Walidah Imarisha


Three Stories of Crime, Prison, and Redemption


A few years ago, a friend of mine informed me that a young activist and writer had struck up a relationship with James McElroy, a feared hit man for the Westies. Having devoted a number of years to researching and writing a book about the Westies, I wasangels_with_dirty_faces_new curious.

McElroy was one of the most notorious members of that violent crew. He was not known for his brains; he was the gang’s muscle. Jimmy Mac, as he was known to his friends and criminal associates, probably had administered more beatings and killed more people than he could remember. In the universe of would-be, could-be and wanna-be gangsters, McElroy was OG through and through.

For those who might not know, the Westies were a hyper-violent Irish American gang that existed in Hell’s Kitchen, on the West Side of Manhattan, from the mid-1970s to the late-1980s, until they were put out of business in a big federal racketeering trial. While writing the book The Westies, which was published in 1990, I had attempted to interview Jimmy Mac. I knew it was highly unlikely that he or his lawyer would give their consent. McElroy was incarcerated at the time and in the midst of the Westies trial, which lasted six months from September 1988 and into 1989. Eventually, McElroy, along with eight other defendants, was convicted. He was given a sentence of 75 years to life in prison, with no opportunity of parole.

Much of what I knew about Jimmy Mac came from courtroom testimony (gang member Billy Beattie, in particular, had a lot to say about McElroy on the witness stand, as did an old-time neighborhood loanshark turned witness named Tony Lucich). But most of what I knew came from extensive interviews with Mickey Featherstone, the No. 2 man in the gang, who admired Jimmy Mac but also realized that he was a very dangerous and capable killer.

Most of what I knew about McElroy was second hand, which is why I was so intrigued to hear that a writer had spent time visiting him in prison and was planning to write about it. And there were a couple other things that added to the intrigue – the writer in question was a woman, and she was African American.

From what I knew of McElroy, he was likely an old school misogynist and possibly a racist as well.

Walidah Imarisha is the writer’s name, and the project she was working on is now a book called Angels With Dirty Faces, published last month by AK Press and the Institute for Anarchist Studies (the title of the book comes from the iconic Jimmy Cagney movie, first released in 1938).

I met Walidah about a year and a half before the book was officially published. In October 2014, we were both invited to speak at the Howard Zinn Book Fair held in San Francisco and organized by the esteemed activist and author James Tracy.


Meeting of the minds: Walidah Imarisha and T.J. English at the Howard Zinn Book Fair 2014, in San Francisco.

When Walidah first walked into the bookstore where the Zinn event organizers were holding an opening-day reception, I did a double take. She had a prodigious Angela Davis-style Afro and a big warm smile, and she was wearing a dress patterned with Star Wars characters. The idea of this woman sitting down with McElroy of the Westies was causing the synapses in the brain to snap, crackle and pop.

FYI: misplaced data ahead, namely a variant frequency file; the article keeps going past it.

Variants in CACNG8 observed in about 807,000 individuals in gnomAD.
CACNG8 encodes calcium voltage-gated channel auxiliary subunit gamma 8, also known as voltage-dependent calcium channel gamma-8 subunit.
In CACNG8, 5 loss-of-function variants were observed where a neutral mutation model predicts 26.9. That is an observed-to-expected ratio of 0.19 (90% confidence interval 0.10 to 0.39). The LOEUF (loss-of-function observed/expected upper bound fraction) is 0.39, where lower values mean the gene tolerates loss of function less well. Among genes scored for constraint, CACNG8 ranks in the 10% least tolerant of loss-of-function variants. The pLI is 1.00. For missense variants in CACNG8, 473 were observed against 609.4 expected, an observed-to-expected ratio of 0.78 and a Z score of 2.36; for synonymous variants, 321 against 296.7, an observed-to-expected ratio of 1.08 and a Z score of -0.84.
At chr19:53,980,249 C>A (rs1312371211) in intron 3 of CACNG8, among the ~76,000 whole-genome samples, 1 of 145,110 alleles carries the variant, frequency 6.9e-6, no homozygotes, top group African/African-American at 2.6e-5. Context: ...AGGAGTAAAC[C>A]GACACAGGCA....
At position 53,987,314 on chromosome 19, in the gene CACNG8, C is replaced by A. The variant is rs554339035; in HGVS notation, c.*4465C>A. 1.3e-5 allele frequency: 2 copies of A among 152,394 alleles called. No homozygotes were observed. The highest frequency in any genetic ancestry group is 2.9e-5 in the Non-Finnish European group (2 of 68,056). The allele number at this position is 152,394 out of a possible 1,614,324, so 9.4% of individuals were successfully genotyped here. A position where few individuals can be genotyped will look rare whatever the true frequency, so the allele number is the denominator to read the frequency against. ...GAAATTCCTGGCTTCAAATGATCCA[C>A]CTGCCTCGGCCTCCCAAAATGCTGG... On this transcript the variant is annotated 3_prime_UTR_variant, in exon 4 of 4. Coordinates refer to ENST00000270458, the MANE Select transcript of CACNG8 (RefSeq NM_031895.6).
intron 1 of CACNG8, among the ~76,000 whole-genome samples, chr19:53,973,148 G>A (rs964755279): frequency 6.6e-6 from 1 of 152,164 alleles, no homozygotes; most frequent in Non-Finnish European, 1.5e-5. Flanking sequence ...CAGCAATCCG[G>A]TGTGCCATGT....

That night, Walidah gave me a copy of her collected poems, published as a book entitled Scars/Stars. I read the poems. They were very good, filled with pain, passion and insight.

A few months later, Walidah sent me a rough copy of her unfinished manuscript for Angels With Dirty Faces. I read about her relationship with McElroy, someone I thought I knew a fair amount about. But there was so much more about the man that Walidah was able to get not only by spending time with Jimmy Mac, but also by placing his life of crime in a larger context of incarceration, the street, and the vicious cycle at the heart of criminal justice in the U.S.A.

Over numerous prison visits, Walidah was able to get things out of this hardened criminal that I likely never would have. Her being a woman and African American no doubt cast their encounters in a particular light. I’m not saying this gave Walidah any particular advantage or disadvantage, but it would have altered McElroy’s need to size up his inquisitor according to the dictates of male competitiveness, or male insecurity, and perhaps let down his guard. Walidah was able to get beneath the hitman’s misogyny and racial tribalism. After all, it was Sundiata Acoli, a former member of The Black Liberation Army, who first introduced Walidah to Jimmy Mac in the prison visiting room. While incarcerated, the veteran black liberationist and the Irish American gangster had become close friends.

Anyone who has read The Westies, or taken an interest in the crazy, self-destructive trajectory of the gang’s legend needs to pick up a copy of Angels With Dirty Faces. Walidah’s portrait of McElroy fills in a lot of blanks and fleshes out aspects of the gang’s psychosis in ways that will deepen your general understanding of crime and punishment in America.


Activist, poet, educator and author.

The sections of Walidah’s book that deal with Jimmy Mac are fascinating, but I would be doing the book a disservice if I left it there. Angels With Dirty Faces actually intertwines three separate narratives that all relate to the subject of incarceration and criminal justice. There is the story of Walidah’s own adopted brother, Kakamia, who is serving an extended sentence on murder charges. And then there’s Walidah’s own highly personal story of her experiences with sexual assault by someone she knew and trusted. In various ways, all three of these narratives reflect aspects of compulsive criminality, personal responsibility, societal accountability, and the concept of redemption.





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